IF YOU GOFARMINGTON — His name is engraved on the black granite wall of the Vietnam Veterans Memorial Wall in Washington, D.C., and he's finally getting a hometown tribute.
What: Portrait unveiling to honor U.S. Marine Corps Lance Cpl. Kenneth L. Worley
When: 10 a.m. Wednesday
Where: Farmington Museum at Gateway Park, 3041 E. Main St. in Farmington
Today, Farmington-born U.S. Marine Corps Lance Cpl. Kenneth L. Worley, a Medal of Honor recipient who was killed in action in the Vietnam War, will be honored at the Farmington Museum. An unveiling of a memorial portrait will be at 10 a.m. Wednesday.
Worley was serving as a machine gunner with the Marines in Vietnam's Bo Ban hamlet, Quang Nam Province, on Aug. 12, 1968, when he threw his body over a grenade, saving the lives of five fellow Marines.
Worley is the only Marine Medal of Honor recipient from New Mexico. He is buried in Westminster Memorial Park in Westminster, Calif.
Along with other veterans, retired U.S. Air Force Master Sgt. Bruce Salisbury has been working for an honorary portrait of Worley for more than half a decade.
“A group of us have been trying to honor this Farmington boy who spent the first 16 years of his life here for quite some time. It started primarily on the question of why Worley is so unknown in his own hometown,” Salisbury said.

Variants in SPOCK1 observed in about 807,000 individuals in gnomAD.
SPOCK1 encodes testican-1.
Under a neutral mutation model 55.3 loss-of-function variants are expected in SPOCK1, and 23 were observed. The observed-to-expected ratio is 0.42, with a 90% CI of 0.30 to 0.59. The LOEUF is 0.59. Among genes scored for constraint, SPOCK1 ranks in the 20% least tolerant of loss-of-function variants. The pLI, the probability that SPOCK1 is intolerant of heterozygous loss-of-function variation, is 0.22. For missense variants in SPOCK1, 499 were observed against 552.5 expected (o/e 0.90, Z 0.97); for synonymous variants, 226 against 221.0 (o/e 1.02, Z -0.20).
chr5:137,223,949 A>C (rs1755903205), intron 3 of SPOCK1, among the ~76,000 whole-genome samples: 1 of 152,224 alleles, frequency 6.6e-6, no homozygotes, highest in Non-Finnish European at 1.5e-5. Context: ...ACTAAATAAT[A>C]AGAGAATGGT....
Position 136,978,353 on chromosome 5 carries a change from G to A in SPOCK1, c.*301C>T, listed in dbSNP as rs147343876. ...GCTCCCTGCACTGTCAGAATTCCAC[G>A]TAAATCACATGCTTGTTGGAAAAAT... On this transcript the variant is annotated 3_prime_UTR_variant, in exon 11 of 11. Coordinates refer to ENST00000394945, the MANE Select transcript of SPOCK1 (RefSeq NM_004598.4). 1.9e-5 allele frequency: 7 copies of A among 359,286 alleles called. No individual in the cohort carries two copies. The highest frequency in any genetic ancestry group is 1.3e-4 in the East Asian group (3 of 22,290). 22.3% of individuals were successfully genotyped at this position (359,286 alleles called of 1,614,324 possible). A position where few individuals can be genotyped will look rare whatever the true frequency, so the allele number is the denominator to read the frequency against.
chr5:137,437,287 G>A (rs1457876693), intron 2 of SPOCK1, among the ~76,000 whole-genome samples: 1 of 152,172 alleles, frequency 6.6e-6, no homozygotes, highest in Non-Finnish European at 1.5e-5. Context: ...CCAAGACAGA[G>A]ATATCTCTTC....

Salisbury said the event will also be an opportunity for Marine combat veterans to meet fellow “brothers in arms” and some of Worley's adoptive family members.
At the ceremony Wednesday, country singer Grant Goblebe will perform a song his grandmother wrote years ago called “The Animas River Train,” Salisbury said. “
The song is quite fitting and speaks to that river which Worley knew so well as a child growing up in Farmington,” he said.
A book that features Worley — “The Search For The Forgotten 34: Honored by the U.S. Marines, Unheralded in Their Hometowns?” written by Terence Barrett, a former aviation officer in the Marine Corps and licensed psychologist in Fargo, N.D. — will be available for purchase at the museum.
“I consider it one of the best books on military, the meaning of valor and stories of heroes that have all been forgotten,” Salisbury said. “The first 102 pages of the 600-plus page book are devoted to Worley. He's a real Farmington hero.”